The TiVo Premier result, I am not sure why it is even there.... TiVo Premier teardown revealed it is fully Boradcom based, IIRC.

    I am very interested to know whether there are any CE4100 products out in the hands of the customers right now... Any Intel employees / PR guys care to offer this information?
    Reply
  • zdzichu - Wednesday, May 05, 2010 - link

    Seeing that GPU part is descendant of Paulsbo... I foresee similar fiasco with opensource drivers as with GMA500. Too bad, it really damages Intel reputation. Reply
  • beginner99 - Wednesday, May 05, 2010 - link

    funny gma 600. Even if intel like improves gm drivers 100x fold, they will still suck...So you can pretty much say it depends on that.

    And there go my dreams for useful drivers for my menlow device...it's a PITA. slowing hardware by deliberatley? making horrible drivers.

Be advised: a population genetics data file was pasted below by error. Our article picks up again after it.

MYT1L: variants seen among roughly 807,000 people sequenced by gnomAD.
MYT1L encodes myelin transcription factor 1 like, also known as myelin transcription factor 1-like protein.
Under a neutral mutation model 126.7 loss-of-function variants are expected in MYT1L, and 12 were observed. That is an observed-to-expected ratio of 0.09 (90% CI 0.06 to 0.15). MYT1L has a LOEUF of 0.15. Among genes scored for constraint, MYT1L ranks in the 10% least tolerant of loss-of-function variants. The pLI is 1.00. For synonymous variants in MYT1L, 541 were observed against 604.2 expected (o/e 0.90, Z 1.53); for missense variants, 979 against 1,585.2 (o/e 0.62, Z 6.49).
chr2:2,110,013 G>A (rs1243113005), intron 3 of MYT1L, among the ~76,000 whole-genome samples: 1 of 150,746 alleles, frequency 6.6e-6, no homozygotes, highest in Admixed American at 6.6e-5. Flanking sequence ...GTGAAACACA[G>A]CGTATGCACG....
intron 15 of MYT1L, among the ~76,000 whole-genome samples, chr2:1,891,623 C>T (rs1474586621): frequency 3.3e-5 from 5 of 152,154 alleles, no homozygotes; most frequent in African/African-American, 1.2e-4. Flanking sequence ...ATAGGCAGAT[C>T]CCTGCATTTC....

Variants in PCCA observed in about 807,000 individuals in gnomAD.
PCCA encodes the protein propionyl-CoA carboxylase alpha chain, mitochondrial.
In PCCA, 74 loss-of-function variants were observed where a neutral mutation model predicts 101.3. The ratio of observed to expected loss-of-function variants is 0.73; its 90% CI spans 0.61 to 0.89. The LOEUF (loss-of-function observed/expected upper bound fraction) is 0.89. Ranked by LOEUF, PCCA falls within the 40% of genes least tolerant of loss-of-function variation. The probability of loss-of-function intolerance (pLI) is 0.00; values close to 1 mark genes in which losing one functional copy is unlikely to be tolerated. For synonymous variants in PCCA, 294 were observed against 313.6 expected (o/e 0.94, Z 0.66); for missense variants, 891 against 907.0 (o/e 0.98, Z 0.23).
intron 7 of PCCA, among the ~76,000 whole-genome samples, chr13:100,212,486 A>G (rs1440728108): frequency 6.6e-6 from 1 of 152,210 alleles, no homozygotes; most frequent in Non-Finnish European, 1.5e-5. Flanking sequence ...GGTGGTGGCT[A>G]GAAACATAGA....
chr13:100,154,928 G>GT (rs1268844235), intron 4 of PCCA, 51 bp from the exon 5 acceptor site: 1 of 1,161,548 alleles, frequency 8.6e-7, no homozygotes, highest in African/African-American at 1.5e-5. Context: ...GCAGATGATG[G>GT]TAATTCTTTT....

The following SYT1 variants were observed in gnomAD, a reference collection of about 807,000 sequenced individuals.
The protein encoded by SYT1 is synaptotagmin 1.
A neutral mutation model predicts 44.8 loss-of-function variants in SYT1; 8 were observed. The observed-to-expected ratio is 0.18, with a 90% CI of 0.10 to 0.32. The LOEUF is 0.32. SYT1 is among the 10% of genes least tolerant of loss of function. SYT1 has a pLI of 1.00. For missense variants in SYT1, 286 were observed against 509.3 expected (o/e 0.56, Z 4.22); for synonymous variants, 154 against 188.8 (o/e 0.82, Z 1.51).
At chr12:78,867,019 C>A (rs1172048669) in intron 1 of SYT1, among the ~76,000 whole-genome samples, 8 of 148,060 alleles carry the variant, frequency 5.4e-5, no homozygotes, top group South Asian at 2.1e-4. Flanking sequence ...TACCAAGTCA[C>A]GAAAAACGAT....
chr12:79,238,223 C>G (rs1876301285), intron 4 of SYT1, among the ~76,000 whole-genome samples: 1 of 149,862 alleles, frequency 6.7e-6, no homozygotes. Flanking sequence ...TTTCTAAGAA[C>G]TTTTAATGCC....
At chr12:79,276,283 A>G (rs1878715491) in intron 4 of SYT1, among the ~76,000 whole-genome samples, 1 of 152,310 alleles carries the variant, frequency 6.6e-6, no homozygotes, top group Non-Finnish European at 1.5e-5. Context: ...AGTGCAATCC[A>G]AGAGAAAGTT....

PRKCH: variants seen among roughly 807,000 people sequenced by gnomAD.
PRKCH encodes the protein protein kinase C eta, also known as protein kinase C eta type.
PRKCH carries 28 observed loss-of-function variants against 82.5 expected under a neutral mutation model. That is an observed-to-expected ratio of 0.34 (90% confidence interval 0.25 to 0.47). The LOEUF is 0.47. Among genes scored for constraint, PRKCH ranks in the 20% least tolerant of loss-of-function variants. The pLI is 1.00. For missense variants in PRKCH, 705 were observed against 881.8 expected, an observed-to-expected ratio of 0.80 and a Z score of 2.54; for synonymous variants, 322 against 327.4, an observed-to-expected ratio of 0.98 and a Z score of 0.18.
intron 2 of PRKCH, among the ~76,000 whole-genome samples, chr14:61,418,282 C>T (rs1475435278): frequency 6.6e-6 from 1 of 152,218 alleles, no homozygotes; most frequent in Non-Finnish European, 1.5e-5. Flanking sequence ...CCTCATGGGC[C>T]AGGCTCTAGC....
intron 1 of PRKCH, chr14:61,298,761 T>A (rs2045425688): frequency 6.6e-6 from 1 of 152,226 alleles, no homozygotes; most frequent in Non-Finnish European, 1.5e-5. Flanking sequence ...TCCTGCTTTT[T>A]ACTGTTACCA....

Reply
  • JumpingJack - Wednesday, May 05, 2010 - link

    Intel's graphics performance as they begin integrating into the CPU improved significantly, to the point of competitive. http://www.anandtech.com/show/2952/2

    Your view point is strictly from a desktop running pixels number as high as 1900x1200 (too much for even the best IGP from nVidia or ATi/AMD), on a smartpone the graphic intensity is not nearly enough... it does not need to win on the highest FPS, it just needs to get 30 FPS or better for a fluid experience.

    The graphics component should be fine, no real reason to suspect otherwise.
    Reply
  • rahvin - Wednesday, May 05, 2010 - link

    Given the abysmal Linux support of the GMA500 I foresee a complete piece of crap again that will result in this being used in NO android phones. For me Android is the future of the cellphone and frankly what happened with Paulsbro foreshadows the complete crap that this platform will be on Android and other Linux based platforms (like WebOS). The concerns of the OP are completely justified and I had exactly the same reaction when I read the GPU is based on PowerVR like the piece of crap GMA500.

    Intel cannot succeed in the Phone space if Linux is treated with the same disdain they presented with GMA500.
    Reply